House and Home,  Western Pennsylvania

“Removing Myself from the Narrative”

I just changed my Primary Care Physician (PCP). I have nothing against my former PCP. I only switched because the prior PCP’s office location made it really inconvenient for me to take off time from work for appointments. This new PCP is a very short walk from my workplace.

As one does with a new PCP, I gave my new PCP and the staff my family medical history.

The new PCP said, “You said that your mother just passed away from breast cancer?”

I said, “No. She had LUNG cancer. And she never smoked.”

The PCP said, “Oh, I’m very sorry. Did your father smoke?”

“No,” I said.

My brand-new PCP seemed very surprised by this.

Neither of my parents smoked. Yet my mom was diagnosed with lung cancer at the age of 63 and she passed away this past October, two days after her 64th birthday.

No judgment on people who DO smoke. I loved and respected my paternal grandmother very much. She smoked for decades. She smoked until the year that she passed away in her late 70’s with no cancer diagnosis. Several other family members DID pass away from lung cancer after they smoked for decades.

But here’s the thing: the narrative when I was growing up in the 80’s and 90’s was that we kids could get cancer IF we used tobacco products. My elementary school science teacher lit a cigarette and set it between fake cotton lungs so that we could watch the fake lungs darken.

My elementary, junior high, and high school health education was like a morality play: if you do A, then B will happen to you. If you do X, then Y will happen to you. This was the narrative.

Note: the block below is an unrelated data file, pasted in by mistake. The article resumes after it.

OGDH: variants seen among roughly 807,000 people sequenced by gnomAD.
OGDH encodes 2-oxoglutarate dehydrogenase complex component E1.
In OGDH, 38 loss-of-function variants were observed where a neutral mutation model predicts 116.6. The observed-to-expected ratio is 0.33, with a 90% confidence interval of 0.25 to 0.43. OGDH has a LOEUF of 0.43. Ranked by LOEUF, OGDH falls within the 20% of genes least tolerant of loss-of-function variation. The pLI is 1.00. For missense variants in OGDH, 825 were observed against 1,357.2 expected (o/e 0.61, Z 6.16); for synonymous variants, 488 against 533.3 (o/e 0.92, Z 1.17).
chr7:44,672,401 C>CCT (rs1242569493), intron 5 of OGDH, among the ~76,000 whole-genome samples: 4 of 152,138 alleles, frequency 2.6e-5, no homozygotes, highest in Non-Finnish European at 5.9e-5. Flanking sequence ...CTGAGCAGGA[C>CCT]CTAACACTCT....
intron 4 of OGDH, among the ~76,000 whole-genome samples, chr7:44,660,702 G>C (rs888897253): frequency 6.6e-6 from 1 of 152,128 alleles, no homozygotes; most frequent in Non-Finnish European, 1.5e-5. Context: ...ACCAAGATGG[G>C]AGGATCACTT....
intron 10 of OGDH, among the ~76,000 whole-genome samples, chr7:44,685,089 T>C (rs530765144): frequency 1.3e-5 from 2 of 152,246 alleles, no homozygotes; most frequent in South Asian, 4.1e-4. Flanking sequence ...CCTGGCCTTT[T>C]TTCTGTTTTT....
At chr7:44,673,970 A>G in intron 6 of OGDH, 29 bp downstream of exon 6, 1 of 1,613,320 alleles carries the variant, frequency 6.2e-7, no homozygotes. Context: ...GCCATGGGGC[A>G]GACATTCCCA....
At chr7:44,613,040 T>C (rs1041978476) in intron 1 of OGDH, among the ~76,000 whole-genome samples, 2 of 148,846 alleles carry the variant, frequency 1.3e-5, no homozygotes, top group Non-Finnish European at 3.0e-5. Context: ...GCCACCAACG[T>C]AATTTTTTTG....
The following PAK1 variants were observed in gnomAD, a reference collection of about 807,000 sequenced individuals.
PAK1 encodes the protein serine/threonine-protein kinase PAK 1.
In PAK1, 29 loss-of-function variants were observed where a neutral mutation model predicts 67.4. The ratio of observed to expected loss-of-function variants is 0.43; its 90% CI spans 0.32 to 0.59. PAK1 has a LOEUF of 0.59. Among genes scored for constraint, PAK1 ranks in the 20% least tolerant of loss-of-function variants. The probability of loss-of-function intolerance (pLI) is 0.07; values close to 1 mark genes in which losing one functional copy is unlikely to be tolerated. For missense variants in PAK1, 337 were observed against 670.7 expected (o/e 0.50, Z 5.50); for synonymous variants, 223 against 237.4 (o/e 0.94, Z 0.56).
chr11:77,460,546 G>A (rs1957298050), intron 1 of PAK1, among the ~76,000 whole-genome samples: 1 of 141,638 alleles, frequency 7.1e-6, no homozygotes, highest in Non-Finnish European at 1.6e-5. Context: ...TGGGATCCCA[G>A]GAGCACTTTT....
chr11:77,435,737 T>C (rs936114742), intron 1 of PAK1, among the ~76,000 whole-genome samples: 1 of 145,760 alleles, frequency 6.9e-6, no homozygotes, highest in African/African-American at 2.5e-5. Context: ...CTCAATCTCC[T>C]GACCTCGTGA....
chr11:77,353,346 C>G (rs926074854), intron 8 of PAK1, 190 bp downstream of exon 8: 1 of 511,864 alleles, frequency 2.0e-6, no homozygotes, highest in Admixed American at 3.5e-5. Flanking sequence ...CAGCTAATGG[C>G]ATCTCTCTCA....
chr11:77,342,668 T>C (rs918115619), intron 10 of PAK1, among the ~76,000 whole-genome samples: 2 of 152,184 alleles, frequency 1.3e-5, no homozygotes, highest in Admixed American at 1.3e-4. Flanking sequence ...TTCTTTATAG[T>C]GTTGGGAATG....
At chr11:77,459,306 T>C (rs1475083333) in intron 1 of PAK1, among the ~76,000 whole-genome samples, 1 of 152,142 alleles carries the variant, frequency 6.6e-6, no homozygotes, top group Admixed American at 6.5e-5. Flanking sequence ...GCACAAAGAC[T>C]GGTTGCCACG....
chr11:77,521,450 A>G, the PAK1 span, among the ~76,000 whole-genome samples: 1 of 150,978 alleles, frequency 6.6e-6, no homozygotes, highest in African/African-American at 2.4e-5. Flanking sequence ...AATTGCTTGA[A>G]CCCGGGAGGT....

Me watching my mom die “quickly” of lung cancer when she was in her early 60’s was NEVER part of this narrative.

Mom ate several servings of vegetables and dairy products each day. She watched her weight. She took vitamins. She rarely drank. She took walks. She didn’t have any of the unhealthy lifestyle habits that my “morality play” health education warned me against.

So when Mom died, I tried to shape this to fit into my narrative.

I blamed my paternal grandmother for smoking in front of our family. Even though my grandmother lived 60 miles away from us and we saw her about once a month. (To be clear, I no longer feel this way.)

I also blamed my older paternal family members for not “stepping up” and insisting that Grandma not smoke in front of the family. (Again, to be clear, I no longer feel this way.)

This is such an easy solution.

I mean, even my new doctor immediately asked me if I had a family member who DID smoke.

And yet – something is rotten in the state of Denmark. Nothing about the “official narrative” sits well with me.

After Mom got sick, I learned that lung cancer is actually really common among non-smokers and never-smokers.

Also, lung cancer receives a fraction of the research funding that other cancers receive.

I’m not going to regurgitate a bunch of statistics. However, I learned some of these stats from Lung Cancer’s Stigma Stymies Progress” by Bonnie Addario.

I posted today because the narrative with which I grew up is incomplete and dangerous.

I didn’t mention this yet, but Mom lived right in the City of Pittsburgh for the first two decades of her life. This was in the 50’s – 70’s. Before the steel industry collapsed. I member visiting her childhood home in the 80’s and smelling sulfur.

Did living in Pittsburgh actually give Mom cancer?

If so, is the Pittsburgh area truly a healthier place to live now?

I ask these questions, even though they don’t actually fit the narrative.

I don’t think that we fully understand the effects of the air around us. I’m frustrated that even now, people are trying to roll back the environmental protections that have made our air clean over the past few decades.

What can we do to help ensure that future generations breath cleaner air?

What can we do to help cancer research proceed without stigmas?

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